Is e-filing really a much better way to record your taxes?
Americans and the IRS might not agree on everything, but they are mostly on precisely the same page in regards to e-filing individual income tax returns.
The majority of individual income tax returns submitted to the IRS are e-filed. E-filing is popular because it is a win-win for taxpayers and the IRS.
If you e-file your federal income tax return, you conserve the IRS money because its workers don’t need to spend time manually processing your return. In return, you could get any refund you’re owed faster, especially in the event that you have it directly deposited into your bank account.
But what about safety? And can digital filing actually give you access to all the forms that you may need if you have a complex tax situation? Are there situations when you can’t e-file? Let us look at the advantages of e-filing, and whether it may be the best filing choice for your needs.
If you’re thinking about e-filing, a Few of the advantages include:
- Quick affirmation your forms are obtained: The IRS will confirm a tax filing has been received within 24 hours of digital submission. For paper filers, the IRS doesn’t send any acknowledgment your forms have arrived safely.
Timely refunds: When you submit a paper filing, it may take six to eight weeks to receive a tax refund. With e-filing, you are going to get your money in three weeks or not. Choosing direct deposit may also speed up the refund procedure.
Reduced likelihood of mistakes: According to the IRS, there is around a 1% error rate on e-filed yields, compared with a 20% speed of errors on paper filings. The IRS also provides more info on issues discovered on e-filed returns compared with paper returns.
Simple payment procedure: If you owe the IRS money, it’s simpler to cover at your convenience if you e-file. You can submit returns early and pay afterwards if needed, as long as you pay from the April 15 filing deadline. And you’re able to schedule electronic money transfers to easily send the IRS what you owe on a date of your choosing — again, as long as the IRS receives your payment by Tax Day. You also have the choice to pay your balance by using the IRS Immediate pay service from your checking or savings accounts, submitting a credit card through a payment processor for a fee, or paying by check or money order. Just be aware delaying payment after the filing due date (typically April 15) can lead to penalties and interest.
Digital storage of taxation data: Submitting returns electronically means there’s an electronic copy of your tax documents. If something happens to your paperwork, then you’ll have an electronic backup.
The good news: Most taxpayers do opt to e-file and find those advantages — and the practice of doing so is simple.
How to e-file a tax return?
- Use IRS Free File: If your adjusted gross income is $72,000 or not as you may be able to use the IRS Free File program. The forms do the math for you and offer basic advice. You can simply do your federal return with these forms.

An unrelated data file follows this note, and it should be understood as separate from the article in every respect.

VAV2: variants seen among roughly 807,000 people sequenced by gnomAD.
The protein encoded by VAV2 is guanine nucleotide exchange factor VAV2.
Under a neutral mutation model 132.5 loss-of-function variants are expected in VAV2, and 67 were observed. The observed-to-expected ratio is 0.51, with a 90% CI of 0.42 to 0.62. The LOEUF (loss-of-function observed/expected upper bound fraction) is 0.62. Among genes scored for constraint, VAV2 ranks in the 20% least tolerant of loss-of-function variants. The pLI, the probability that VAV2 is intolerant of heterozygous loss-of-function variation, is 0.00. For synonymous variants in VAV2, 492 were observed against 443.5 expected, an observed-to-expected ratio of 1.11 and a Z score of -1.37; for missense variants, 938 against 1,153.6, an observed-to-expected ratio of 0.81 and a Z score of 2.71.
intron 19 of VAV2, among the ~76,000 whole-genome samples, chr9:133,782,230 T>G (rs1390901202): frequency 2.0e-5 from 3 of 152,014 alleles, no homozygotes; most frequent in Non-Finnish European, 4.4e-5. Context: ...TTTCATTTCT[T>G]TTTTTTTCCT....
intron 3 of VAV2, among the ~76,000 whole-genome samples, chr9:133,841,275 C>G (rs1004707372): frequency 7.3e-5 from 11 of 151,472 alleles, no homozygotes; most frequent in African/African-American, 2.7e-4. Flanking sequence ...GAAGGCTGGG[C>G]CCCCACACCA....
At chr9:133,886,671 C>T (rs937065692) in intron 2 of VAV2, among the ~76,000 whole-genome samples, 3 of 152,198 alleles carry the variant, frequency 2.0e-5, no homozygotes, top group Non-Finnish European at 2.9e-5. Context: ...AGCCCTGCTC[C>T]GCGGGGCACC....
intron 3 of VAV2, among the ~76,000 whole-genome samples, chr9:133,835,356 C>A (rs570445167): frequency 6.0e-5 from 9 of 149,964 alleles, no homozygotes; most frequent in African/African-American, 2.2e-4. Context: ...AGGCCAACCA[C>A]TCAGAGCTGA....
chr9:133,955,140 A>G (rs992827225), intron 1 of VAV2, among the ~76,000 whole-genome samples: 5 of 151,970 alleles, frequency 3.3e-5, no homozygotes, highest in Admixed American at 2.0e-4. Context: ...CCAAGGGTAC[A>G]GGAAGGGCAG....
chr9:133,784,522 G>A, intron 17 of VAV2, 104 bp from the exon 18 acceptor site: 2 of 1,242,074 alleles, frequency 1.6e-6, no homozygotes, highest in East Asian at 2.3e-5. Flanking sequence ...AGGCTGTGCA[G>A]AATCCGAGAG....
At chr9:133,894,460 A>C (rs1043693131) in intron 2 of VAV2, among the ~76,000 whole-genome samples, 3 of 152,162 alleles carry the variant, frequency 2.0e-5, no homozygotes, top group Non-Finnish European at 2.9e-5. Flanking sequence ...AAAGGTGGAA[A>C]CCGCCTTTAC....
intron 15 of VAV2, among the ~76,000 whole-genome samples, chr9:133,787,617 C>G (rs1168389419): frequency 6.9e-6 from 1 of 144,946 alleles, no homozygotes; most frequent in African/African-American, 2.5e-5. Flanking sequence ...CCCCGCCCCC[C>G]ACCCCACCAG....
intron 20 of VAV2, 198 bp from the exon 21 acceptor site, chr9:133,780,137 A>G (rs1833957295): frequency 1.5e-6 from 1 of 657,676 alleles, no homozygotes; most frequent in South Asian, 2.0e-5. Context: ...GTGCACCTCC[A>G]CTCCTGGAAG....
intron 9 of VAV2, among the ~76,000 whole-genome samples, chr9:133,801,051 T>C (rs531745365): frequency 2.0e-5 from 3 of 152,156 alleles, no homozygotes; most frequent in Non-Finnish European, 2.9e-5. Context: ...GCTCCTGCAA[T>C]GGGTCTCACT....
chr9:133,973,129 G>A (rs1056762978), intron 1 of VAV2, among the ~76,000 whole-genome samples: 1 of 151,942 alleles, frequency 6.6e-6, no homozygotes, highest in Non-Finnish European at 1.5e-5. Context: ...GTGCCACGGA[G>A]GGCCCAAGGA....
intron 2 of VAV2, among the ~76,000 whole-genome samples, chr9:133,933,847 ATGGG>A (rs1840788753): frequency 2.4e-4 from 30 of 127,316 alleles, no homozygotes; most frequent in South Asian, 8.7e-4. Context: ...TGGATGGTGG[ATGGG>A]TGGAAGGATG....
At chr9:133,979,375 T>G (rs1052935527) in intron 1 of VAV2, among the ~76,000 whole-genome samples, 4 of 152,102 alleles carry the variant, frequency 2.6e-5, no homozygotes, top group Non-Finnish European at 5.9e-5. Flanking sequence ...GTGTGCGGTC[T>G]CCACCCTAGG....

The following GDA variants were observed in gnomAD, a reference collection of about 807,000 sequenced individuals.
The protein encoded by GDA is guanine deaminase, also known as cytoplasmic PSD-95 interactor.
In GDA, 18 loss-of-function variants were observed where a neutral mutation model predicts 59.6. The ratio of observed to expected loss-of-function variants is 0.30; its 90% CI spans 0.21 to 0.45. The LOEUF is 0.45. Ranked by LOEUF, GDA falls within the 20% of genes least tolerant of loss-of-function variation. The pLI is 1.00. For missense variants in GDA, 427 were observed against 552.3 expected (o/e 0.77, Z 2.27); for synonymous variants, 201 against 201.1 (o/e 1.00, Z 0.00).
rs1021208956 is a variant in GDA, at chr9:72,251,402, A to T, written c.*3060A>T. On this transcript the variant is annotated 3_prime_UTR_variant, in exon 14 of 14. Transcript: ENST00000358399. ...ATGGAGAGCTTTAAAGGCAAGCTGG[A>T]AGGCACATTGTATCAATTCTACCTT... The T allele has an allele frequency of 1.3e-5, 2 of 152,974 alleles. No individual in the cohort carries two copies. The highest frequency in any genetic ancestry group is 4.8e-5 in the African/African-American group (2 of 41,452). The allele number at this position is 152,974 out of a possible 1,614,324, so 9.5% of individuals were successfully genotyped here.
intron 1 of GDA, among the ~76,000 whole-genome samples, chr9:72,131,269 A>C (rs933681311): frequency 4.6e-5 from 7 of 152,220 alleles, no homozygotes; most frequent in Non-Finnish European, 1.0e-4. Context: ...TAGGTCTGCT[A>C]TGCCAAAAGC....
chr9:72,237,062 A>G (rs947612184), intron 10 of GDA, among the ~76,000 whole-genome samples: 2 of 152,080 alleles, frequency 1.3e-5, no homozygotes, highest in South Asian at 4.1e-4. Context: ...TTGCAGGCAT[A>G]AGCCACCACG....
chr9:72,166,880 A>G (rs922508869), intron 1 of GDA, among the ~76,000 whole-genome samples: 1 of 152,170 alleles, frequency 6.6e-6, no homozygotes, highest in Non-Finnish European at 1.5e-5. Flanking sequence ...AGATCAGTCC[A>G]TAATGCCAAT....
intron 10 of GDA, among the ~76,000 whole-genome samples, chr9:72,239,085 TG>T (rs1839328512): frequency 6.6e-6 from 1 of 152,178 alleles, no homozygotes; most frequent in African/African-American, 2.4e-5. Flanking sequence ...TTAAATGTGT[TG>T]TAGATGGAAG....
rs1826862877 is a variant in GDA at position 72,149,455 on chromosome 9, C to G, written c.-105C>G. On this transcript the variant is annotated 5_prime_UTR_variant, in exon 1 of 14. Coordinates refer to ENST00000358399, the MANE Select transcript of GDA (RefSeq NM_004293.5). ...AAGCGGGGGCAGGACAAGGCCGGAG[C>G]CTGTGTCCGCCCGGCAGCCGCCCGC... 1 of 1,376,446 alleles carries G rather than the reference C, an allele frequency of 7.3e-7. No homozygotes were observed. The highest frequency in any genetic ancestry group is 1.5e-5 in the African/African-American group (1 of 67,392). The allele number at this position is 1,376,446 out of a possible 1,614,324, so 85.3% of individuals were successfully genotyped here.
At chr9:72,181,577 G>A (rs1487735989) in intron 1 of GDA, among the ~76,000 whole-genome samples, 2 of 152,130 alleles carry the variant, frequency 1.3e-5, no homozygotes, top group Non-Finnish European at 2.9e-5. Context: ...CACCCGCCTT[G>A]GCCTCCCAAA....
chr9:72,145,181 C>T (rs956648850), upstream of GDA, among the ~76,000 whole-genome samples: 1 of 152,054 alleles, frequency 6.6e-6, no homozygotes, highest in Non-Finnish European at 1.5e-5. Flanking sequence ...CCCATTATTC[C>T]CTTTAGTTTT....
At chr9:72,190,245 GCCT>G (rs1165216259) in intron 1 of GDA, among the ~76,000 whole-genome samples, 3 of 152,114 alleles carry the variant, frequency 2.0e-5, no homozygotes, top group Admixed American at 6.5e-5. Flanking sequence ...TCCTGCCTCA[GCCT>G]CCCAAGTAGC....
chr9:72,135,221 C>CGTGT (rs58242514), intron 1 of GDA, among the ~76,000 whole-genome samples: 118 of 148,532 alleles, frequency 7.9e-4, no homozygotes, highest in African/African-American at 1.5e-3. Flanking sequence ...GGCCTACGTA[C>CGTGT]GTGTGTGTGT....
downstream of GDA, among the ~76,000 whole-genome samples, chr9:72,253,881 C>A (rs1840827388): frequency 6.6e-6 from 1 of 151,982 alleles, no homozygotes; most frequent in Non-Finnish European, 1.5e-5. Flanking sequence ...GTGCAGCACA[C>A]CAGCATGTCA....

- Utilize an online tax preparation tax or service software: Tax preparation software and online filing services are alternatives. These choices are an easy way to complete and e-file your own forms. Some software providers charge for their apps, Some are free. The program asks you simple questions about your own life and financing to guide you through the completion of your forms.
- Get free, in-person tax aid: In most states, you will find volunteers to help prepare and e-file yields. However, eligibility for free aid is normally restricted based on earnings, and some providers cater to specific demographic groups. The IRS maintains a database of licensed providers, but be aware this option is very likely to be the most costly one.
Using online tax prep software is far and away the favored approach of the majority of taxpayers. Actually, the IRS says it anticipated over four tax returns to be filed through tax return prep software.
Is e-filing really secure?
While e-filing is convenient, you may worry about safety — particularly with all these data breaches. But experts agree that this isn’t a problem that should deter you by e-filing.
“In fact, it may be more secure than paper filing since you’re sending your personal information through an encrypted system rather than exposing your data in the mail.”
Dennis Chow, vice president of data security at SCIS Security, explains that the IRS has put safety measures in place to keep your information safe. “Vendors typically utilize IRS specific APIs that need token sessions,” Chow says. “All this can be routed over TLS encrypted connections.”
It’s important to use a trustworthy service to assist you record your taxes. Chow advises not to e-file on a computer or use an internet connection which isn’t confidential.
For most taxpayers, it makes sense to e-file a yield because it’s the most convenient way to submit your tax information to the IRS and it allows for timely refunds and effortless payment choices. Just be sure to use tax planning software from a trusted source, so you can make certain the information you supply to transmit to the IRS will be kept secure.